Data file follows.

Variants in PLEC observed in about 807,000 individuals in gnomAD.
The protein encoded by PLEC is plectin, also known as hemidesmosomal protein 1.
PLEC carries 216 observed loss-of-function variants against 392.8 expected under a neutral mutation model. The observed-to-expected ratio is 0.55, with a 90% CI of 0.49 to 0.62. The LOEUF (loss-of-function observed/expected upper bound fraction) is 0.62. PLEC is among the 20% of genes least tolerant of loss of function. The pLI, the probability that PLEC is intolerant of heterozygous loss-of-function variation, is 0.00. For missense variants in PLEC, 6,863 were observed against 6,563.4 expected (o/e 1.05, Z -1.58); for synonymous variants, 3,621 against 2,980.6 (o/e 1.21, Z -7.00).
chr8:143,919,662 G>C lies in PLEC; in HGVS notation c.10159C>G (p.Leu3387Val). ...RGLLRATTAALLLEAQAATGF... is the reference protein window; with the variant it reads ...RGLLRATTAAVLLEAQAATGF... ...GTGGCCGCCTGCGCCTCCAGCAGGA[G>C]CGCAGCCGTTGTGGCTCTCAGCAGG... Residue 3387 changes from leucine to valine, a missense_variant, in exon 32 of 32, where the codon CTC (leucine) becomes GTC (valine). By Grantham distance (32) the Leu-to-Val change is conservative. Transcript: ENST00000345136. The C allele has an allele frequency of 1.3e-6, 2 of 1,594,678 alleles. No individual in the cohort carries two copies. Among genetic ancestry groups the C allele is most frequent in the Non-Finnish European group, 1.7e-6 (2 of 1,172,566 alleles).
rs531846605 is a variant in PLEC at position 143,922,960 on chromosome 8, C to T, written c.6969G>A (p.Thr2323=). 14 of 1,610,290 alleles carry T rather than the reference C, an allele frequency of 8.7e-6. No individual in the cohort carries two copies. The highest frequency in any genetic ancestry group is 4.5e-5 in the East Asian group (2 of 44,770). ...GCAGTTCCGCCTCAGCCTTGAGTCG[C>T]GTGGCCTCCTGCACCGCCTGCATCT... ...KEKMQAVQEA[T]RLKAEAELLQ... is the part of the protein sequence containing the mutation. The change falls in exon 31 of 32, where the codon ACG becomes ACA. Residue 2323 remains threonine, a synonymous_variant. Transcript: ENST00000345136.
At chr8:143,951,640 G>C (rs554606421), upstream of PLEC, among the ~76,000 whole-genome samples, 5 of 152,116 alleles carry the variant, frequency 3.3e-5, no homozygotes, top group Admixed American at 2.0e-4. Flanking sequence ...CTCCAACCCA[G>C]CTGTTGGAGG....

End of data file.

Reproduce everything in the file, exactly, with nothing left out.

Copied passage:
Variants in PLEC observed in about 807,000 individuals in gnomAD.
The protein encoded by PLEC is plectin, also known as hemidesmosomal protein 1.
PLEC carries 216 observed loss-of-function variants against 392.8 expected under a neutral mutation model. The observed-to-expected ratio is 0.55, with a 90% CI of 0.49 to 0.62. The LOEUF (loss-of-function observed/expected upper bound fraction) is 0.62. PLEC is among the 20% of genes least tolerant of loss of function. The pLI, the probability that PLEC is intolerant of heterozygous loss-of-function variation, is 0.00. For missense variants in PLEC, 6,863 were observed against 6,563.4 expected (o/e 1.05, Z -1.58); for synonymous variants, 3,621 against 2,980.6 (o/e 1.21, Z -7.00).
chr8:143,919,662 G>C lies in PLEC; in HGVS notation c.10159C>G (p.Leu3387Val). ...RGLLRATTAALLLEAQAATGF... is the reference protein window; with the variant it reads ...RGLLRATTAAVLLEAQAATGF... ...GTGGCCGCCTGCGCCTCCAGCAGGA[G>C]CGCAGCCGTTGTGGCTCTCAGCAGG... Residue 3387 changes from leucine to valine, a missense_variant, in exon 32 of 32, where the codon CTC (leucine) becomes GTC (valine). By Grantham distance (32) the Leu-to-Val change is conservative. Transcript: ENST00000345136. The C allele has an allele frequency of 1.3e-6, 2 of 1,594,678 alleles. No individual in the cohort carries two copies. Among genetic ancestry groups the C allele is most frequent in the Non-Finnish European group, 1.7e-6 (2 of 1,172,566 alleles).
rs531846605 is a variant in PLEC at position 143,922,960 on chromosome 8, C to T, written c.6969G>A (p.Thr2323=). 14 of 1,610,290 alleles carry T rather than the reference C, an allele frequency of 8.7e-6. No individual in the cohort carries two copies. The highest frequency in any genetic ancestry group is 4.5e-5 in the East Asian group (2 of 44,770). ...GCAGTTCCGCCTCAGCCTTGAGTCG[C>T]GTGGCCTCCTGCACCGCCTGCATCT... ...KEKMQAVQEA[T]RLKAEAELLQ... is the part of the protein sequence containing the mutation. The change falls in exon 31 of 32, where the codon ACG becomes ACA. Residue 2323 remains threonine, a synonymous_variant. Transcript: ENST00000345136.
At chr8:143,951,640 G>C (rs554606421), upstream of PLEC, among the ~76,000 whole-genome samples, 5 of 152,116 alleles carry the variant, frequency 3.3e-5, no homozygotes, top group Admixed American at 2.0e-4. Flanking sequence ...CTCCAACCCA[G>C]CTGTTGGAGG....